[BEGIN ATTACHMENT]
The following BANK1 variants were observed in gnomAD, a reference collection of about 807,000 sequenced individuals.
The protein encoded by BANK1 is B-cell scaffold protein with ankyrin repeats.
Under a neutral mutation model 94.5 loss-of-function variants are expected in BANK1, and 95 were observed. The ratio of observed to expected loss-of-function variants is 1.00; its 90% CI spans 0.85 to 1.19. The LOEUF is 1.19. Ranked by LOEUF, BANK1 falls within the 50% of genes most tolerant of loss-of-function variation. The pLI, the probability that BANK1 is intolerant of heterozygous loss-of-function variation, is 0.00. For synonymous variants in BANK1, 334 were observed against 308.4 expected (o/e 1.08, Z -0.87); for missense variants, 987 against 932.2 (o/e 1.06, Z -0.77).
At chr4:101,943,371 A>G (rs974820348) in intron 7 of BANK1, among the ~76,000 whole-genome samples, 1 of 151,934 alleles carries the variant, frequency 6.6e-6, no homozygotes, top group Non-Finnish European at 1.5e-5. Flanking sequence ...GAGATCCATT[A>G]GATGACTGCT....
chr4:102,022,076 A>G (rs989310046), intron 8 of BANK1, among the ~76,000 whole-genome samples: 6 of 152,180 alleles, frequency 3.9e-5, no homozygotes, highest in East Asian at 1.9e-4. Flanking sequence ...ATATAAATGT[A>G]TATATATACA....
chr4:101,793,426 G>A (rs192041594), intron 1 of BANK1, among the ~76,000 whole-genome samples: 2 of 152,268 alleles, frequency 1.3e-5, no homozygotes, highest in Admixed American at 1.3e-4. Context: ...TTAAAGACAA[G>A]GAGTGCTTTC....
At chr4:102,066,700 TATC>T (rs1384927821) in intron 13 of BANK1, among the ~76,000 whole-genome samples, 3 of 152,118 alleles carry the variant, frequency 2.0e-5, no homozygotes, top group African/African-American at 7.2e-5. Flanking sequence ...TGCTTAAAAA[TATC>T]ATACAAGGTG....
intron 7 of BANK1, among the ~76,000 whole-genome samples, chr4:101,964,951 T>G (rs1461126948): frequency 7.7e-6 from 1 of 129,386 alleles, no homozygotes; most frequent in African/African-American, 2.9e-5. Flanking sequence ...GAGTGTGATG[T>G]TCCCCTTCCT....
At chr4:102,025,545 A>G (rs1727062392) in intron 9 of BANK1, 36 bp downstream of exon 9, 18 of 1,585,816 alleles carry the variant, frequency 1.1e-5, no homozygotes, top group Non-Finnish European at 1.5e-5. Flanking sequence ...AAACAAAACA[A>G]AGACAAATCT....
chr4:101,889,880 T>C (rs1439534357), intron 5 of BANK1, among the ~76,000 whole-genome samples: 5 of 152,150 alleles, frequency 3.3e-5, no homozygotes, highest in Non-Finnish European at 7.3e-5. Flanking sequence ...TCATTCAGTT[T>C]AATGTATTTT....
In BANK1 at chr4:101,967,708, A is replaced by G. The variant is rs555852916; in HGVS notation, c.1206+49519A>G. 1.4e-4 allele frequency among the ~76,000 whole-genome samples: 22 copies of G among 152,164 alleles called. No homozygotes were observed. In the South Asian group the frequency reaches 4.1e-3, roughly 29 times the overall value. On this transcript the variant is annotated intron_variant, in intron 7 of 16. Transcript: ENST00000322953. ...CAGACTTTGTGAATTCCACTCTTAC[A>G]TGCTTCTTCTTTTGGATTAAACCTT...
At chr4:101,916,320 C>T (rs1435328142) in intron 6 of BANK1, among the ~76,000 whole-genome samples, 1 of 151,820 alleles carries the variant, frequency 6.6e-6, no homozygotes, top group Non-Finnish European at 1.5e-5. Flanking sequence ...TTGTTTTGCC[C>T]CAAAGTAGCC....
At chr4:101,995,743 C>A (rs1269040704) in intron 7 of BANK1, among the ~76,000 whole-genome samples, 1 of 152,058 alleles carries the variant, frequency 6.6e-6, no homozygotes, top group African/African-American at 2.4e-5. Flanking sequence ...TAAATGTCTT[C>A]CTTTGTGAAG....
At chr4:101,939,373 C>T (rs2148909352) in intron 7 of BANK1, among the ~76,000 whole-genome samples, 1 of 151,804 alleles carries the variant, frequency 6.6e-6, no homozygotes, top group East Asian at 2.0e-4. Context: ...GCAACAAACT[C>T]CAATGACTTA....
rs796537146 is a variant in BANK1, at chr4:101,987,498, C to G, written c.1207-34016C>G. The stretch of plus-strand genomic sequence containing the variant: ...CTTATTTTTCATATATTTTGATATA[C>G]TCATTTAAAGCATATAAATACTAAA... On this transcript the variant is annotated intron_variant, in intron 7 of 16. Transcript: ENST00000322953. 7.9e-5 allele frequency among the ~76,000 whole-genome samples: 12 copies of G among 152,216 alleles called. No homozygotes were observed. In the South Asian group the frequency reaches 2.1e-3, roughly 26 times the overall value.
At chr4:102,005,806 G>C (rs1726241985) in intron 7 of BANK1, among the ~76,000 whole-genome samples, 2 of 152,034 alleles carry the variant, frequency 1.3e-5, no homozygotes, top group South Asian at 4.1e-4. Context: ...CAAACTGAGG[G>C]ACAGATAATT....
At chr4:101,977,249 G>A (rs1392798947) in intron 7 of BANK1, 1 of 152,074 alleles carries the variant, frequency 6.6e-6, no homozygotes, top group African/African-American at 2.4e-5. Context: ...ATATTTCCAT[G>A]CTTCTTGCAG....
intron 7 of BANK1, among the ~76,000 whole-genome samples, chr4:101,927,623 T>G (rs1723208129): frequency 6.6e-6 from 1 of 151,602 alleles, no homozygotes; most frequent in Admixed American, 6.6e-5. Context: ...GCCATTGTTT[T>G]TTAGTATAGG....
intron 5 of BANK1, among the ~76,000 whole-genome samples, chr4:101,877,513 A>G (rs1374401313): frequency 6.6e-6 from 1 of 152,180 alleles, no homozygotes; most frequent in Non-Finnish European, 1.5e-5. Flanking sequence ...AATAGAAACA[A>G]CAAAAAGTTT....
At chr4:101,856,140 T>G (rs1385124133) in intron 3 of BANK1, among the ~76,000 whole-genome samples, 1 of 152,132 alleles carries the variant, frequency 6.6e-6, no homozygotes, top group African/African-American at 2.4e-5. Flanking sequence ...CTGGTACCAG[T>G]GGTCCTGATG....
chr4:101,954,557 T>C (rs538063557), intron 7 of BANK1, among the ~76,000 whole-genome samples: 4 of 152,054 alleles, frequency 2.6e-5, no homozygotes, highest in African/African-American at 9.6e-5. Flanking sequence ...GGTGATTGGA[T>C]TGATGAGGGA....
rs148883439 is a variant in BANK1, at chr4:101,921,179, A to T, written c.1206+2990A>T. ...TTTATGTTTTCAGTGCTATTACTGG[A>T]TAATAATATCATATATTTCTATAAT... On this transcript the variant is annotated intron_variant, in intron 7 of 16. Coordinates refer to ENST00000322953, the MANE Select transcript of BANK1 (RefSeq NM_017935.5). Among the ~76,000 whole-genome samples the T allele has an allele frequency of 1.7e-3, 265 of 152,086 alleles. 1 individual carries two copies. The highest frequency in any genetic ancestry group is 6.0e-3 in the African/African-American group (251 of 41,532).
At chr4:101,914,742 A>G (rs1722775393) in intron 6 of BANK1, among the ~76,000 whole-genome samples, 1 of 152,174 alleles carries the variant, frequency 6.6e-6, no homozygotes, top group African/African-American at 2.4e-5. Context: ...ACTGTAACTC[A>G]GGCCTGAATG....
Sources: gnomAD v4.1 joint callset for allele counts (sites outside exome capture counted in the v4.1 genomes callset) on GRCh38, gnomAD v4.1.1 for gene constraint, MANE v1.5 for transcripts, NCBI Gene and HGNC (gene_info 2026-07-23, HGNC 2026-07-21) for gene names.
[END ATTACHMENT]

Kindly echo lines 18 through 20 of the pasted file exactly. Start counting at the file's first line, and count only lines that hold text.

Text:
intron 7 of BANK1, among the ~76,000 whole-genome samples, chr4:101,927,623 T>G (rs1723208129): frequency 6.6e-6 from 1 of 151,602 alleles, no homozygotes; most frequent in Admixed American, 6.6e-5. Context: ...GCCATTGTTT[T>G]TTAGTATAGG....
intron 5 of BANK1, among the ~76,000 whole-genome samples, chr4:101,877,513 A>G (rs1374401313): frequency 6.6e-6 from 1 of 152,180 alleles, no homozygotes; most frequent in Non-Finnish European, 1.5e-5. Flanking sequence ...AATAGAAACA[A>G]CAAAAAGTTT....
At chr4:101,856,140 T>G (rs1385124133) in intron 3 of BANK1, among the ~76,000 whole-genome samples, 1 of 152,132 alleles carries the variant, frequency 6.6e-6, no homozygotes, top group African/African-American at 2.4e-5. Flanking sequence ...CTGGTACCAG[T>G]GGTCCTGATG....